To be honest, I really don’t know and by the time I am able to achieve some clarity, the important questions will be most likely be altogether different.  We’re lucky enough to be living through amazing times, an era where people will look back and say, “Wow!  that’s when it all really got started.”

So much like Socrates’ famous adage, the only true knowledge lies in knowing that you know nothing.  Where does that leave us?  Fortunately, there’s an answer for that.

The Agency of the Future?

A while back, just after I started this blog, I wrote about the merits of specialized vs. full service agencies.  The basic premise was that the dichotomy is a classic example of what Clayton Christensen calls modular and integrated organizations.

Integrated Organization: When things are new, not well understood and operational interfaces are weak.  Problems lack standard solutions.  Therefore, people need to be close to each other and communication has to be very intense. A good example would be the early auto factory where raw materials went in the front and cars came out the back.

Modular Organization: When an industry becomes more mature, interfaces improve. Standard solutions to basic problems emerge and communication becomes more formalized.  Firms begin to specialize in different parts of the process, much like the auto industry today, which is comprised of thousands of components suppliers.

It should be clear that over the past few decades marketing services has become increasingly modular.  However, it seems just as clear that the trend is reversing towards a more integrated approach.  Digital native agencies tend to be full service and, as recent articles in Ad Age and Adweek show, are starting to move into traditional spaces as well.

So the agency of the future will probably look a whole lot more like the agencies of the past, with a full service, integrated approach.  That makes a lot of sense, because we truly don’t “get it.”  When you’re trying to make sense of an elephant in the dark, it helps to have extra hands around.

The new era of paid, owned and earned media will be an era of integrated teams.

– Greg


4 Responses leave one →
  1. Philip Larmett permalink
    June 23, 2011

    another great article that made me stop and think. And link back to some of your previous blogs.
    You mentioned specifically Pepsi refresh in your comments. Maybe you’d like to look at the localized version of the Pepsi Refresh project.
    Learning from the mistakes of the American lead market, Pepsi is doing very well thank you in Ukraine at the moment. It’s market share is increasing to a level that is finally challenging Coke and the company is managing to engage the Ukrainian youth at the same time…
    BBDO Kyiv is heavily involved as creative lead agency…

  2. June 23, 2011


    Thanks. I personally don’t have a big problem with the Pepsi refresh project. I think it was overly hyped when they launched it and is being trashed a bit more than it should be now. To the average consumer it’s just not that big of a deal either way.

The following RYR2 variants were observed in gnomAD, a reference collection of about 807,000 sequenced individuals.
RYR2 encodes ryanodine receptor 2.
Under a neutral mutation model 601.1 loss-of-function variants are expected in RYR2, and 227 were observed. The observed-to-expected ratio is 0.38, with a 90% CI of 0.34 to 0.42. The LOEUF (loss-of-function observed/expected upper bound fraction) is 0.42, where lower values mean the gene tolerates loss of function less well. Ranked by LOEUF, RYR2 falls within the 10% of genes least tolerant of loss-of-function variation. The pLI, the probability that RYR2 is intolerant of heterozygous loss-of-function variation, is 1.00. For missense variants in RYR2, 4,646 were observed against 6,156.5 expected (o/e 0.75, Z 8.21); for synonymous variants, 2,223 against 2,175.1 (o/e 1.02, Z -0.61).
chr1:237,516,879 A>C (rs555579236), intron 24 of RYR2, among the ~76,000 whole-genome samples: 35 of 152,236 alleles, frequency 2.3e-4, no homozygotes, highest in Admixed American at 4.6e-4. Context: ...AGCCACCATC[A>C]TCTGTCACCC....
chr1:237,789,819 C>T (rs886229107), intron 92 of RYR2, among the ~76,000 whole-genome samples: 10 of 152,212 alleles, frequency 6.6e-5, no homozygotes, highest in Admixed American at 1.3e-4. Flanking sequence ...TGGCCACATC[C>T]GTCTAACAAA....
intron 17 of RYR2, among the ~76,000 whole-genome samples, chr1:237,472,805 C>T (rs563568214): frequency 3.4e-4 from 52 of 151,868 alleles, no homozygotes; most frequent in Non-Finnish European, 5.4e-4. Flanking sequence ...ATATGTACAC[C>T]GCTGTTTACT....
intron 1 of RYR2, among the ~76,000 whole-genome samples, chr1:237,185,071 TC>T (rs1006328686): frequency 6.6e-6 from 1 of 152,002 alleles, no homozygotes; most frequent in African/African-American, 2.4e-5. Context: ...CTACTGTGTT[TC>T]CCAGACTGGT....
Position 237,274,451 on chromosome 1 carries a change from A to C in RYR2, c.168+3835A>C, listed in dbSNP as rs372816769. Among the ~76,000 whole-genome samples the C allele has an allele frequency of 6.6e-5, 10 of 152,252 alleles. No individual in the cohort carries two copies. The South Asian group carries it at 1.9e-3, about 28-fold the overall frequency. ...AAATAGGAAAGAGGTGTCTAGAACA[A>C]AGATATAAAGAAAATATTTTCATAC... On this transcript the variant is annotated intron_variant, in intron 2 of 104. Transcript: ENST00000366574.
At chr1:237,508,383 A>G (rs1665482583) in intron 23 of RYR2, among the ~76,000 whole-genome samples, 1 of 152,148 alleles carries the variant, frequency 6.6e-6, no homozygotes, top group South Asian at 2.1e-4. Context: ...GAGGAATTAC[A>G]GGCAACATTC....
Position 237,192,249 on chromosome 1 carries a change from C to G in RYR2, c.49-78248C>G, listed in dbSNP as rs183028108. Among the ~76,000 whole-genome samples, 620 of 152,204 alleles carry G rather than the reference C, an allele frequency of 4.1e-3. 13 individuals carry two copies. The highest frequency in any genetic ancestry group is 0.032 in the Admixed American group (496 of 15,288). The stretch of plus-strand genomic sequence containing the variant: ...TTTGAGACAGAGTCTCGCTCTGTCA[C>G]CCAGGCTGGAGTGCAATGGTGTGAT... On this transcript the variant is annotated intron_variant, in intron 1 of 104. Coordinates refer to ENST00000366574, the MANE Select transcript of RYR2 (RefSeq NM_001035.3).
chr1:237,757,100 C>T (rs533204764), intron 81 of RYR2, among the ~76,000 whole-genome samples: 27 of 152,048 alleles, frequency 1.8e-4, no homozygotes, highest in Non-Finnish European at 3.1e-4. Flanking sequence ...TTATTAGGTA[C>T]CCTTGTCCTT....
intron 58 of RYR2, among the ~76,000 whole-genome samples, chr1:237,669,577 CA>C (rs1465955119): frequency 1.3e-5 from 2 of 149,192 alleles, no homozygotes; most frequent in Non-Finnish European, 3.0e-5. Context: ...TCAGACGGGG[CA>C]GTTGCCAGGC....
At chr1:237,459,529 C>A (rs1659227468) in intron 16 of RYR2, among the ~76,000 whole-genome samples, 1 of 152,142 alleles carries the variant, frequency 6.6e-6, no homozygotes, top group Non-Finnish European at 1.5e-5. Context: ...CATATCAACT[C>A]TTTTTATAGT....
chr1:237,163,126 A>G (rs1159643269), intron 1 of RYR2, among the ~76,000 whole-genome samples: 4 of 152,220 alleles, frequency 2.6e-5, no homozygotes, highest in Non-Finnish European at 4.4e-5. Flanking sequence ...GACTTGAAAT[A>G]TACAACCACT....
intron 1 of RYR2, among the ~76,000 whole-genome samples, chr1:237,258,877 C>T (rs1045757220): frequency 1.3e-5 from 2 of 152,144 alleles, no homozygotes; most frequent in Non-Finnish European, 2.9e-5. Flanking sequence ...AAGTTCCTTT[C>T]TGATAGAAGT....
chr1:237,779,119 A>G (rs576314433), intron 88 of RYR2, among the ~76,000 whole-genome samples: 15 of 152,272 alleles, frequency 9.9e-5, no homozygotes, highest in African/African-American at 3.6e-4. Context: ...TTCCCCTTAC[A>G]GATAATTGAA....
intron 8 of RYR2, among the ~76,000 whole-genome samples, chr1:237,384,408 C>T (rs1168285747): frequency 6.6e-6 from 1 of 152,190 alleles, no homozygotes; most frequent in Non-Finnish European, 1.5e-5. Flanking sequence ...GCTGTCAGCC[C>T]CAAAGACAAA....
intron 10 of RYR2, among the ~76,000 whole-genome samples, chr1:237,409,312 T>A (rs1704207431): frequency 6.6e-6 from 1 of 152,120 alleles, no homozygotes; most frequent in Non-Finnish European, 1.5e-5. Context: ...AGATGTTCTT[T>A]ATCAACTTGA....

Glad to hear that Pepsi is finally getting moving in Ukraine. They’ve been quiet for a long time.

    Good luck!

    – Greg

  3. June 26, 2011

    What a smart and timely commentary. Modular and integrated both require clarity and specificity on the part of the leader running the core group. What will be its core “service” strength? How will it be characterized so that it stands out from the competition? For what business/organizations and/or situations will it prove most valuable?

    “Even” in an integrated agency, the most successful ones will tap talent outside of the business, as needed. and have a wide enough lens to know when and how to make it worthwhile for that top talent to want to participate.

    What will be the rules of engagement for communication, compensation, idea creation process etc.? Those with the T-shaped character cited by Morten Hansen in his book Collaboration are likely to be sought-after in your scenario.

    Your “elephant” metaphor is apt for many other situations, Greg, in this increasingly complex yet connected world. It also points to the value of human-centered design as practiced at Stanford’s d school.

  4. June 26, 2011

    Thanks Kare.

    One thing that I didn’t mention above is that at any given point, an industry will have modular and integrated components.

    The things that are done well take on a modular organization before long, while those that are crappy need to be integrated. So integrated organization is sort of like getting put in a slower class at school.

    So, for instance, as we get better a things like web development, they tend to get more modular themselves (we see that now with outsourcing to Costa Rica and Ukraine), but more integrated into agency organizations.

    The interesting part is that the really profitable areas are crappy. Great innovation comes from improving them. For me, this is a really interesting topic. I wrote about crappy innovation before:

    As always, thanks for an interesting comment.

    Have a great week Kare!

    – Greg